"Unflinching devotion to the Teacher is paramount in the life of a true seeker. To begin with, an external God can be the object of faith. But once the devotee grows to be a seeker, only a Wise Teacher can fulfil his quest.  It is then for the seeker to get purified and enlightened by the words of wisdom from his Guru.  Their bond and attunement put the Teacher on the pedestal of God.  Such an impeccable Guru-sishya bond alone bestows wisdom, strength and fulfillment to the seeker."

The Guiding force of Narayanashrama Tapovanam & Center for Inner Resources Development

Swami Bhoomananda Tirtha


Articles for Saadhana

[In the last article, I was narrating about the Ashram in South Sainik Farm (Delhi): how it opened up a new opportunity for the Delhi devotees to grow in Gurusannidhi, how Swamiji’s Delhi-visits were assuming a new wider dimension, and also how in the course of five years some disharmonies restraining the freedom, growth and public character of the Ashram led Poojya Swamiji to announce during his message after the Pādapoojā on 9th March 1997, that he would leave the placeā]

The Fire of dispassion

It was one of the finest talks the devotees ever had heard from Swamijiā Not because of the words or exposition. But because of the direct touch of a lofty mindset. There was no blaming, condemnation or heat. Rather, each word brought with it the cooling warmth of the blazing fire of knowledge and dispassion. Everybody got a touch of the impersonal love amalgamated with the firmness of Brahmaniṣṭhā. Every listener would have experienced the meaning of non-possessiveness.

On one hand we were feeling quite sad thinking of the impact on P’s mind, the torment he must have been undergoing, notwithstanding the disharmonies created by his possessiveness. On the other hand we felt very light and free by the act of leaving. Regarding the impact on the other devotees, by and large it was greatly inspiring.

In fact, these are occasions when others get an inkling of the inner state of a Knower Saint. Because real sannyāsa, vairāgya, knowledge or Brahmaniṣṭhā are inner evolutions not perceptible to the external senses, the transcendental mindset of a Knower eludes ordinary understanding. In Swamiji’s lifestyle – in his attire, travel, food, or residential arrangements – there is no apparent poverty or tangible austerity to match our common concept of vairāgya or sannyāsa. So, the devotees around are able to get a touch of his inner state of freedom and non-possessiveness only in such special occasions. Such events often kindle vairāgya in others who seek it.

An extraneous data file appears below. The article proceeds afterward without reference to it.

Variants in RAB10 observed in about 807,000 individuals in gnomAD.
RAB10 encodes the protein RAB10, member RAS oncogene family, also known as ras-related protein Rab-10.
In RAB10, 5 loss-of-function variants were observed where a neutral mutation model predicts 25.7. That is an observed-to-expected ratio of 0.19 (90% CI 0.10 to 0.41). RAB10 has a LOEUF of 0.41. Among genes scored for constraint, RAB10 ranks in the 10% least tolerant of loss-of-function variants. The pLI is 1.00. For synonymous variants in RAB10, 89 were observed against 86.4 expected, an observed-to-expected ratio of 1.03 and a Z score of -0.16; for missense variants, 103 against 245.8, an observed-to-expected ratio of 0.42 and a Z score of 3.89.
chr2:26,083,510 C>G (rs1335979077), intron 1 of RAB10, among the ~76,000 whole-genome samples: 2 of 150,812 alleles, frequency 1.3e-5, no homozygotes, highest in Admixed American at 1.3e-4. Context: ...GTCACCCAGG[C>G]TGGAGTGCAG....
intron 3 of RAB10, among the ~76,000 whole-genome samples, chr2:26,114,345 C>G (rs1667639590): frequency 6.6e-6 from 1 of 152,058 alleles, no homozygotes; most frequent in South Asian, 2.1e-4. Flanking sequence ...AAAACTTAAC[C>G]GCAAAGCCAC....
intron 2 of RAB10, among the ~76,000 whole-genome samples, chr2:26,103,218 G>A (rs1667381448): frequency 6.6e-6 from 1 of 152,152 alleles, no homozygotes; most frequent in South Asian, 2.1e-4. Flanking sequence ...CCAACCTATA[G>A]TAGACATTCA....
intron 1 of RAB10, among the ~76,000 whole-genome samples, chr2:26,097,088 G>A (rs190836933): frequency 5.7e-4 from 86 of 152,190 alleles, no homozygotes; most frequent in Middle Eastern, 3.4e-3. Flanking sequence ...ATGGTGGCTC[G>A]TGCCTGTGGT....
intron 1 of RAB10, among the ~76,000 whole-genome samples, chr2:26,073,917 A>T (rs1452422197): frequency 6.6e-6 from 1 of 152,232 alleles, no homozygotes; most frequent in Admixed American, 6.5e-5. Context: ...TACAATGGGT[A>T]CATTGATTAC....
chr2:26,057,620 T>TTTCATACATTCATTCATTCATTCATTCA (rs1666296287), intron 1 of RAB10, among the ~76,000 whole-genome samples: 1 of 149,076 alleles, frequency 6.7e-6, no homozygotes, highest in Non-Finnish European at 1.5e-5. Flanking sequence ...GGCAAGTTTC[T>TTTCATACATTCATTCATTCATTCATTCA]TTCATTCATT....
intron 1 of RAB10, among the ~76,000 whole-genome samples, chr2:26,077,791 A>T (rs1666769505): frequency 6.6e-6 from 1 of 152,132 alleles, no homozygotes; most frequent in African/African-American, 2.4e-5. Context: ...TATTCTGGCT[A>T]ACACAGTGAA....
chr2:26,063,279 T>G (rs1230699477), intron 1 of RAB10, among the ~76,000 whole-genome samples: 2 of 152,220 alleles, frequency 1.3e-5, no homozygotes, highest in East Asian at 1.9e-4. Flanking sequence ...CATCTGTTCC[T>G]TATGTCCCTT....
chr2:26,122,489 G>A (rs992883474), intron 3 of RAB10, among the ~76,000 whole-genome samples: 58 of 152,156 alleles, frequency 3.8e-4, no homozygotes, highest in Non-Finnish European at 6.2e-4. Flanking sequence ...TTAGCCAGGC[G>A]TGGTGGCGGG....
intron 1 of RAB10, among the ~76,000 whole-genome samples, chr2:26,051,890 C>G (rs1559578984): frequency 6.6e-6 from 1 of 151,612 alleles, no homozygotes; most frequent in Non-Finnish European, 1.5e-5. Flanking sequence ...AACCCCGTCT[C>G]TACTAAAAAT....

Smt. Raj Dagur, who is now one of the dedicated volunteers looking after CIRD-Delhi, had been listening to Swamiji’s discourses. She was passing through a difficult time, and had come to the South Sainik Farm Ashram that day for the first time, with the hope that by meeting a Saint her troubles would be mitigated. But, listening to Swamiji’s address after Pādapooja, a new horizon opened before her.

She thought, “Here is a Saint who has much greater problem than mine, but how lovingly and unaffectedly he is talking about it in public and taking such a drastic step with so much of ease – a step we cannot even think of!” From that day, she followed the Saint seeking no more mitigation of external problems, but to learn how to remain unaffected in any situation. It was a new discovery for her about the real purpose of spirituality and the association of a Saint. Soon after that, she started bringing her friends and colleagues to meet Swamiji. One of them followed Swamiji more and more wholesomely and finally joined the Ashram as a renunciate (Brahmachariṇi Namratā Swaroopā).

The question that troubled all the volunteers’ minds was how to hold the Jñāna Yajña scheduled in October-November. It was already mid-March, and during the past five years in South Sainik Farm, the dimension of the “Institution” around Swamiji had grown to such an extent that nobody could think of hosting Swamiji again in a devotee’s house, as was done earlier. Of course, Swamiji assured everybody that if the society needed the Jñāna Yajñas, it was for Providence to make some arrangement, and may be even better arrangement suiting the purpose.

Providential dispensation

Sri Seetaramji Sureka (late), an industrialist friend of late Sri Pritam Chand Gupta (a close disciple of Swamiji), had met Swamiji first in the residence of late Sri Balan Subramanian. Silent devotees of Lord Krishna, Surekaji and his wife (late) Parameshwariji had great respect for Saints and our spiritual heritage. They had been humbly requesting Swamiji to grace their Farmhouse near Delhi Airport. This time, after learning from Pritamji whatever had happened in South Sainik Farm, Surekaji submitted that he would feel blessed if Swamiji stayed in his Farmhouse during the November Jñāna Yajña.